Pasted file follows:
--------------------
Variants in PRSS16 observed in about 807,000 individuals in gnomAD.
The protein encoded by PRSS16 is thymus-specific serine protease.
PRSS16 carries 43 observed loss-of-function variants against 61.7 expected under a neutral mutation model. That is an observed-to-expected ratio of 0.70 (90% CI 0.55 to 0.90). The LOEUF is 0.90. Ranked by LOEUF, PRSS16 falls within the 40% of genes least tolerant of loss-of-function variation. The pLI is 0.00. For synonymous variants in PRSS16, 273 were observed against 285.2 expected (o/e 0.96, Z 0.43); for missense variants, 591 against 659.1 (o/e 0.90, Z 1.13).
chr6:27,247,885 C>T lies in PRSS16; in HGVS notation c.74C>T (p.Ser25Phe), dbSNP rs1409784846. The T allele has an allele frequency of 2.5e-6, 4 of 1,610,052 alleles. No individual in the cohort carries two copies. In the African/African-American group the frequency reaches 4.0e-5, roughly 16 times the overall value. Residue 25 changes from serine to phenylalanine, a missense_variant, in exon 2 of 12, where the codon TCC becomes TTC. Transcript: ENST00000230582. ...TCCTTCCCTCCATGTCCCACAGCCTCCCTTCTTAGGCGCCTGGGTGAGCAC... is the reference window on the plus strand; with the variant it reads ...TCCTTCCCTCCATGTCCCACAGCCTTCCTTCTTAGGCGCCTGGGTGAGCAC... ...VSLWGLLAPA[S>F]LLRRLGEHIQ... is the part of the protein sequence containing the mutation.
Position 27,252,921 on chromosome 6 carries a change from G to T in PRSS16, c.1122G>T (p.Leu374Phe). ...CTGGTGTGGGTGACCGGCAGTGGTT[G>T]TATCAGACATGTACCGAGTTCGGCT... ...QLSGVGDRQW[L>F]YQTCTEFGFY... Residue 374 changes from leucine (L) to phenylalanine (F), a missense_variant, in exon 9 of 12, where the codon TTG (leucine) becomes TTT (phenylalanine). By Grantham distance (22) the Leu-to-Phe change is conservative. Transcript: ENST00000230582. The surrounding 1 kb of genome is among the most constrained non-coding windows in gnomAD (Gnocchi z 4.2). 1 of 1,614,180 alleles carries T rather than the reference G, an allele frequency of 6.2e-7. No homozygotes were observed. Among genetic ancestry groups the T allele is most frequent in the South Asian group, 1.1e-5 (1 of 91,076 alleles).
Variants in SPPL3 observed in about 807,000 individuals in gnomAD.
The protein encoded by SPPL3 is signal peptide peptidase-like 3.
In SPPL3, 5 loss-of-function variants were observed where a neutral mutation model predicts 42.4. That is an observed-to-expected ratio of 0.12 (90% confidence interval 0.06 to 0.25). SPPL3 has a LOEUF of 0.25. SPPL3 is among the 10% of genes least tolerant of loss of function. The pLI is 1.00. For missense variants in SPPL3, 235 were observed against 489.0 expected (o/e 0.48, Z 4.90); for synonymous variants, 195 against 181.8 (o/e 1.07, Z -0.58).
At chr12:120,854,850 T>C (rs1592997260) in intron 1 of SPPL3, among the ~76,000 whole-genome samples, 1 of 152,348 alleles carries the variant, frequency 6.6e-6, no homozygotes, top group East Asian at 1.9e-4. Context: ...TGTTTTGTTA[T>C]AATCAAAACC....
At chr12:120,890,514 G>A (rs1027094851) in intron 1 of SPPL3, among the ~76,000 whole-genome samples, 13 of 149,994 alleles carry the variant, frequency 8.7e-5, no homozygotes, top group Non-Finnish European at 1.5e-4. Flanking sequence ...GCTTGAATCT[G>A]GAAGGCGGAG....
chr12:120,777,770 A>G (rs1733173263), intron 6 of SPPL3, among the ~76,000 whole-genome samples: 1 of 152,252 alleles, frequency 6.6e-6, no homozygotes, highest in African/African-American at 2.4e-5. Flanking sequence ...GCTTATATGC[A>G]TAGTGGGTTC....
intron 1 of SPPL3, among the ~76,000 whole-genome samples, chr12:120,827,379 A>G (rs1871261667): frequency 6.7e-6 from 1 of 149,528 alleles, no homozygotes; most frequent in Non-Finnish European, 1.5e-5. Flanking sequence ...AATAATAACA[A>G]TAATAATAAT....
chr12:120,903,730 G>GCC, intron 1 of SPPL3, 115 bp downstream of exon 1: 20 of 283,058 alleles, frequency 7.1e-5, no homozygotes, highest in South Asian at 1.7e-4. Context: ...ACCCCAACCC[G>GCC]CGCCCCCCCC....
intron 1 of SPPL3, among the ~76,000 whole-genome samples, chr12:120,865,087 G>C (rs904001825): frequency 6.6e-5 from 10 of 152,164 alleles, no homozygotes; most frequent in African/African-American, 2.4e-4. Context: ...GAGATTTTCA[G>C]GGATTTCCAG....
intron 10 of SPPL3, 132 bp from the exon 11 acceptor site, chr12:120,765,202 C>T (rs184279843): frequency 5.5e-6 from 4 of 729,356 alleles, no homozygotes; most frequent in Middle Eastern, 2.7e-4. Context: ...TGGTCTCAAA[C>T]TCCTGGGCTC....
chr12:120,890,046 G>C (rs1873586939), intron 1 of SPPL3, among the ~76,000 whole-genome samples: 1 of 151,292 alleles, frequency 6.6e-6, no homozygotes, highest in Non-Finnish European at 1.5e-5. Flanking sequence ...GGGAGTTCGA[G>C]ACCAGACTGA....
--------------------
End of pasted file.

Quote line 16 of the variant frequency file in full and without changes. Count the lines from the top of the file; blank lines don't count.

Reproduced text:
chr12:120,890,046 G>C (rs1873586939), intron 1 of SPPL3, among the ~76,000 whole-genome samples: 1 of 151,292 alleles, frequency 6.6e-6, no homozygotes, highest in Non-Finnish European at 1.5e-5. Flanking sequence ...GGGAGTTCGA[G>C]ACCAGACTGA....